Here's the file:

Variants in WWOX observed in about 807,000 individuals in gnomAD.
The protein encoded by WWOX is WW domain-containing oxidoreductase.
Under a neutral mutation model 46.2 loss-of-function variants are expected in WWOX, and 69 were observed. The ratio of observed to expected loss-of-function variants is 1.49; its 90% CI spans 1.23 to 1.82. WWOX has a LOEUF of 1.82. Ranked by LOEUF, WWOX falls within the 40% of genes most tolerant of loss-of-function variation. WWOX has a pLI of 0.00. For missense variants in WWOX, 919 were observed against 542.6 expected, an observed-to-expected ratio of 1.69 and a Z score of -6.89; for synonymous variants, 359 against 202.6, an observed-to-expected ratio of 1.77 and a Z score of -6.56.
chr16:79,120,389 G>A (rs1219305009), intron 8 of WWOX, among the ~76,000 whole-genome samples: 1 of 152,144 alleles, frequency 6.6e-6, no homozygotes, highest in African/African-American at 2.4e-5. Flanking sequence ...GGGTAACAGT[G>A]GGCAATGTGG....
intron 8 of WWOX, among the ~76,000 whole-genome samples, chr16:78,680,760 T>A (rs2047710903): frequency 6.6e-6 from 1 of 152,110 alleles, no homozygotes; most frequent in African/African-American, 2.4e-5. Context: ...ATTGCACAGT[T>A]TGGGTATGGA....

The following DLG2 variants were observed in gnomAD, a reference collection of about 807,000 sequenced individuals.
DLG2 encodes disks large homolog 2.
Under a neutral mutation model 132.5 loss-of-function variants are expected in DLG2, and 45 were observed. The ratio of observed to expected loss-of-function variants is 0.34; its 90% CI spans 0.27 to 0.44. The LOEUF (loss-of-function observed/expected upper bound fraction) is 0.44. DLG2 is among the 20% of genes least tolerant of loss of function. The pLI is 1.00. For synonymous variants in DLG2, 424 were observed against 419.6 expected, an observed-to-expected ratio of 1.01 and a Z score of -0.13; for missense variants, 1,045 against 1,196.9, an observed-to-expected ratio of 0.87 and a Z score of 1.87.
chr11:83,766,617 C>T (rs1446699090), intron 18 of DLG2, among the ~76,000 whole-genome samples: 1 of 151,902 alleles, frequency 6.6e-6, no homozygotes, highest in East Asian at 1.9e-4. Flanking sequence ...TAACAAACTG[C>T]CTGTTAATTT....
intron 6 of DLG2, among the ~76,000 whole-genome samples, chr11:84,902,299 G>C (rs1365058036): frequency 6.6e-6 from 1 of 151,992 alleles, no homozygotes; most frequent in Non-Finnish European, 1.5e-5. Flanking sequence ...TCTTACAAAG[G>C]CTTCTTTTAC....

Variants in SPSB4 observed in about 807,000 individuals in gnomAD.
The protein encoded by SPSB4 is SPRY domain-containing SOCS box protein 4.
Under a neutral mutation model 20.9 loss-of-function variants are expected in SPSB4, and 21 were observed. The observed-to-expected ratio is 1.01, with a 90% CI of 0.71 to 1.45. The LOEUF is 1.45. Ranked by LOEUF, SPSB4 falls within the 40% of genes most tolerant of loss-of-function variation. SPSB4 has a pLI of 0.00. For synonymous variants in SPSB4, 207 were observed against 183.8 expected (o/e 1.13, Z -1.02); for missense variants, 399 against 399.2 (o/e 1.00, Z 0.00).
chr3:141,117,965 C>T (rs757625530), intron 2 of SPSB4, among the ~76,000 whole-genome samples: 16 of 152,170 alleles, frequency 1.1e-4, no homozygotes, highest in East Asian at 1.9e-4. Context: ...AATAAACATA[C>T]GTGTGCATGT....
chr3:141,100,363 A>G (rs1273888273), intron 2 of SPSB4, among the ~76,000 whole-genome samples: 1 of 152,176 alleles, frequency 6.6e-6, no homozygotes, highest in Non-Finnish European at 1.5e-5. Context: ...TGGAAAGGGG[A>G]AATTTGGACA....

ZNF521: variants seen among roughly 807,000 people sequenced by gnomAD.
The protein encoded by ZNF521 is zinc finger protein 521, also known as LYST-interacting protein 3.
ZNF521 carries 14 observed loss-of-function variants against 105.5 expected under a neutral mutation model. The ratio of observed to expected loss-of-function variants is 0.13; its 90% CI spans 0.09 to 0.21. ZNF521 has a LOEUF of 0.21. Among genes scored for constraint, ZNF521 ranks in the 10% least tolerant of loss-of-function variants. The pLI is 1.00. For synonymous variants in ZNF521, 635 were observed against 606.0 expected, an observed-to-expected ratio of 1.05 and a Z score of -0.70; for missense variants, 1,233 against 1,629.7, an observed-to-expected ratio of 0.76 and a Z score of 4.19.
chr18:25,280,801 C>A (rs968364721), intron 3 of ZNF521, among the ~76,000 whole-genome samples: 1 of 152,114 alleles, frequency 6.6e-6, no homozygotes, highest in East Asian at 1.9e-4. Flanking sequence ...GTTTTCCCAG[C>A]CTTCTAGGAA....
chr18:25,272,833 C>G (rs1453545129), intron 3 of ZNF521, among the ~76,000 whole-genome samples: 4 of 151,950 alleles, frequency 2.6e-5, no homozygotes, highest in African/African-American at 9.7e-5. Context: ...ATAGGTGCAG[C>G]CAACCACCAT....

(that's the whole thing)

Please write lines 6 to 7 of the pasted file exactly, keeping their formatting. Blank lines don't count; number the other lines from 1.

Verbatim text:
The following DLG2 variants were observed in gnomAD, a reference collection of about 807,000 sequenced individuals.
DLG2 encodes disks large homolog 2.